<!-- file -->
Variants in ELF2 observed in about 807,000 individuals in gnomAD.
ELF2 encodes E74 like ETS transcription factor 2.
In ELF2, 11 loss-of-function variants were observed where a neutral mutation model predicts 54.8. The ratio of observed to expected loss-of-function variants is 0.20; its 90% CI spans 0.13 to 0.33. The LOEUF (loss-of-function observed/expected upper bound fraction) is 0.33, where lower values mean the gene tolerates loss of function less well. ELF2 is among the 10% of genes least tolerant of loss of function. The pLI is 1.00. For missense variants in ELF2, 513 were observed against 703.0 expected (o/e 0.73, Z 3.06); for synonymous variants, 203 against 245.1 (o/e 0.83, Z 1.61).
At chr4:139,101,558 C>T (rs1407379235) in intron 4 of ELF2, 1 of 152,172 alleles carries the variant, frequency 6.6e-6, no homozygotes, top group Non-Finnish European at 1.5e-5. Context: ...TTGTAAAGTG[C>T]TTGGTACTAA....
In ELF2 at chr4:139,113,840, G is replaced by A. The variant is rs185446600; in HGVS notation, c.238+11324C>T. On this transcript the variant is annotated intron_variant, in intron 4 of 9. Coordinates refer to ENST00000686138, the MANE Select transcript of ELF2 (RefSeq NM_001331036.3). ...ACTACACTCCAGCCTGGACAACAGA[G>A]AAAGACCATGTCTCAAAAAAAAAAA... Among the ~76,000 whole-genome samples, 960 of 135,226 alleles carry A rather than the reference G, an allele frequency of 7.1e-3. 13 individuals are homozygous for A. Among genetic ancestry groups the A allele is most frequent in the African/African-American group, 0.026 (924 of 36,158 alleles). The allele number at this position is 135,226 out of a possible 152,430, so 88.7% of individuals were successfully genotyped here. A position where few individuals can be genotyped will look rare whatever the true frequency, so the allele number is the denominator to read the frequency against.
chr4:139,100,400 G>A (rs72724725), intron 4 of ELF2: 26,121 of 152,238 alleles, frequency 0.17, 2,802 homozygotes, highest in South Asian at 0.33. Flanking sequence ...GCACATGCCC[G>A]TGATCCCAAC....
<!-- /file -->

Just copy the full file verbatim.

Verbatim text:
Variants in ELF2 observed in about 807,000 individuals in gnomAD.
ELF2 encodes E74 like ETS transcription factor 2.
In ELF2, 11 loss-of-function variants were observed where a neutral mutation model predicts 54.8. The ratio of observed to expected loss-of-function variants is 0.20; its 90% CI spans 0.13 to 0.33. The LOEUF (loss-of-function observed/expected upper bound fraction) is 0.33, where lower values mean the gene tolerates loss of function less well. ELF2 is among the 10% of genes least tolerant of loss of function. The pLI is 1.00. For missense variants in ELF2, 513 were observed against 703.0 expected (o/e 0.73, Z 3.06); for synonymous variants, 203 against 245.1 (o/e 0.83, Z 1.61).
At chr4:139,101,558 C>T (rs1407379235) in intron 4 of ELF2, 1 of 152,172 alleles carries the variant, frequency 6.6e-6, no homozygotes, top group Non-Finnish European at 1.5e-5. Context: ...TTGTAAAGTG[C>T]TTGGTACTAA....
In ELF2 at chr4:139,113,840, G is replaced by A. The variant is rs185446600; in HGVS notation, c.238+11324C>T. On this transcript the variant is annotated intron_variant, in intron 4 of 9. Coordinates refer to ENST00000686138, the MANE Select transcript of ELF2 (RefSeq NM_001331036.3). ...ACTACACTCCAGCCTGGACAACAGA[G>A]AAAGACCATGTCTCAAAAAAAAAAA... Among the ~76,000 whole-genome samples, 960 of 135,226 alleles carry A rather than the reference G, an allele frequency of 7.1e-3. 13 individuals are homozygous for A. Among genetic ancestry groups the A allele is most frequent in the African/African-American group, 0.026 (924 of 36,158 alleles). The allele number at this position is 135,226 out of a possible 152,430, so 88.7% of individuals were successfully genotyped here. A position where few individuals can be genotyped will look rare whatever the true frequency, so the allele number is the denominator to read the frequency against.
chr4:139,100,400 G>A (rs72724725), intron 4 of ELF2: 26,121 of 152,238 alleles, frequency 0.17, 2,802 homozygotes, highest in South Asian at 0.33. Flanking sequence ...GCACATGCCC[G>A]TGATCCCAAC....